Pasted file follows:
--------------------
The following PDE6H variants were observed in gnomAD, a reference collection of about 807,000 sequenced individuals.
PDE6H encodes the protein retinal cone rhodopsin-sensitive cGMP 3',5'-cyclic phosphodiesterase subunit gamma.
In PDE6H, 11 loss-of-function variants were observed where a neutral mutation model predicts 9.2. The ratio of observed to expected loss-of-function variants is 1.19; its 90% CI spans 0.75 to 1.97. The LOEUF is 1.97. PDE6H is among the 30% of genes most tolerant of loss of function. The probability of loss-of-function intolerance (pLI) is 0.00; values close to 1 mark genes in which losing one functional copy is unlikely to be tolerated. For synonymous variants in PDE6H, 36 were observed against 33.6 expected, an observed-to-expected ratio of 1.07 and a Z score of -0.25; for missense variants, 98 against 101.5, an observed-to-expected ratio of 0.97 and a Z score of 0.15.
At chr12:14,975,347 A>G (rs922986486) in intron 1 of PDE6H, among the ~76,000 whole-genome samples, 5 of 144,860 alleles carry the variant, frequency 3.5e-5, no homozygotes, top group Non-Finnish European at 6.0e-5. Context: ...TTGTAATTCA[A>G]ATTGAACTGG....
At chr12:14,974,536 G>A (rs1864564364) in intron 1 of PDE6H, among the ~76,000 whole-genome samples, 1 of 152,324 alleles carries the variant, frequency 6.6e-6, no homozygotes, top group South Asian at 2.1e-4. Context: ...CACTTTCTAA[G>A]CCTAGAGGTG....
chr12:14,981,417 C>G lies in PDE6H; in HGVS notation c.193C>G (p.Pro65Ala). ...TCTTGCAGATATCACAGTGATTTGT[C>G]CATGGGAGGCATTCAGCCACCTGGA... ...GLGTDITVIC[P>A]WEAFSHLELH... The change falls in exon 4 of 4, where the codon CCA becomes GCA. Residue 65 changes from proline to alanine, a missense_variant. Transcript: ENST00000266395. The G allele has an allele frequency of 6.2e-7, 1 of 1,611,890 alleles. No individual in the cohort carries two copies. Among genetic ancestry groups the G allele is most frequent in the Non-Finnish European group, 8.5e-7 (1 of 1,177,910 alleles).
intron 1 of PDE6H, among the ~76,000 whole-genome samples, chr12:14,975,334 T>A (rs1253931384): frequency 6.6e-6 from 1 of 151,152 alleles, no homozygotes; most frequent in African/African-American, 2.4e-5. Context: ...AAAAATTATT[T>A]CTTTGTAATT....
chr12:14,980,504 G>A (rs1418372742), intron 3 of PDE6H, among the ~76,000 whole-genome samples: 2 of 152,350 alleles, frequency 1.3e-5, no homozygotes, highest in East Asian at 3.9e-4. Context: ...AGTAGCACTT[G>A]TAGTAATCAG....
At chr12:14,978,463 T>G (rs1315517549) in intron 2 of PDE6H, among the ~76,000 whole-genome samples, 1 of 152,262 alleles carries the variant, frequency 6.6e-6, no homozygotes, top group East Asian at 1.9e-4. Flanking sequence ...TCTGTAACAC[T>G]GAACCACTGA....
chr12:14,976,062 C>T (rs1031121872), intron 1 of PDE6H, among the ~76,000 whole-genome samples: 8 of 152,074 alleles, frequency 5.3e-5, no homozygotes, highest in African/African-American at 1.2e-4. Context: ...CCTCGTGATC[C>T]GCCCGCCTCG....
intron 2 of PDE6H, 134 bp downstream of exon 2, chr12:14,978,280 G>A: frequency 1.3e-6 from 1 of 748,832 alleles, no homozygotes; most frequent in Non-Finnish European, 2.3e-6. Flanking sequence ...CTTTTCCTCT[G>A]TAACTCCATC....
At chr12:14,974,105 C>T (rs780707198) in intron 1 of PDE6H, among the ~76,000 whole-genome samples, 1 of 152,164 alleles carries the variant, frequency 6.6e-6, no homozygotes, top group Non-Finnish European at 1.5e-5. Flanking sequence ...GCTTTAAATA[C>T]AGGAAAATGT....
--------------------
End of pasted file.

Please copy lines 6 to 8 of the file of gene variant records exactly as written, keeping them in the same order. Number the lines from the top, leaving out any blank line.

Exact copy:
chr12:14,981,417 C>G lies in PDE6H; in HGVS notation c.193C>G (p.Pro65Ala). ...TCTTGCAGATATCACAGTGATTTGT[C>G]CATGGGAGGCATTCAGCCACCTGGA... ...GLGTDITVIC[P>A]WEAFSHLELH... The change falls in exon 4 of 4, where the codon CCA becomes GCA. Residue 65 changes from proline to alanine, a missense_variant. Transcript: ENST00000266395. The G allele has an allele frequency of 6.2e-7, 1 of 1,611,890 alleles. No individual in the cohort carries two copies. Among genetic ancestry groups the G allele is most frequent in the Non-Finnish European group, 8.5e-7 (1 of 1,177,910 alleles).
intron 1 of PDE6H, among the ~76,000 whole-genome samples, chr12:14,975,334 T>A (rs1253931384): frequency 6.6e-6 from 1 of 151,152 alleles, no homozygotes; most frequent in African/African-American, 2.4e-5. Context: ...AAAAATTATT[T>A]CTTTGTAATT....
chr12:14,980,504 G>A (rs1418372742), intron 3 of PDE6H, among the ~76,000 whole-genome samples: 2 of 152,350 alleles, frequency 1.3e-5, no homozygotes, highest in East Asian at 3.9e-4. Context: ...AGTAGCACTT[G>A]TAGTAATCAG....